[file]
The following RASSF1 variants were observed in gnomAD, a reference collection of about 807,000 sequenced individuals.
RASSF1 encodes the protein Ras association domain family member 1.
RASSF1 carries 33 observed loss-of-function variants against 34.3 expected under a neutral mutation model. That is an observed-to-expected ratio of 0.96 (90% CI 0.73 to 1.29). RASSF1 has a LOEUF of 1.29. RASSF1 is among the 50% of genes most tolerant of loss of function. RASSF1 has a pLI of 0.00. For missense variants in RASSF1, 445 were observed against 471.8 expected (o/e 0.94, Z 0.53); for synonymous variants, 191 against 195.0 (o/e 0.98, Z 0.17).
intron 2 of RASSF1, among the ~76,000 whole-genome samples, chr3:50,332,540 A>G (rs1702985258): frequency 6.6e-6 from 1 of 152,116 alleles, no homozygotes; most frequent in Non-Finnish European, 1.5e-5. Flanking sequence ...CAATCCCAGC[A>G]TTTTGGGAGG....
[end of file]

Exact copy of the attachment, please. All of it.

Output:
The following RASSF1 variants were observed in gnomAD, a reference collection of about 807,000 sequenced individuals.
RASSF1 encodes the protein Ras association domain family member 1.
RASSF1 carries 33 observed loss-of-function variants against 34.3 expected under a neutral mutation model. That is an observed-to-expected ratio of 0.96 (90% CI 0.73 to 1.29). RASSF1 has a LOEUF of 1.29. RASSF1 is among the 50% of genes most tolerant of loss of function. RASSF1 has a pLI of 0.00. For missense variants in RASSF1, 445 were observed against 471.8 expected (o/e 0.94, Z 0.53); for synonymous variants, 191 against 195.0 (o/e 0.98, Z 0.17).
intron 2 of RASSF1, among the ~76,000 whole-genome samples, chr3:50,332,540 A>G (rs1702985258): frequency 6.6e-6 from 1 of 152,116 alleles, no homozygotes; most frequent in Non-Finnish European, 1.5e-5. Flanking sequence ...CAATCCCAGC[A>G]TTTTGGGAGG....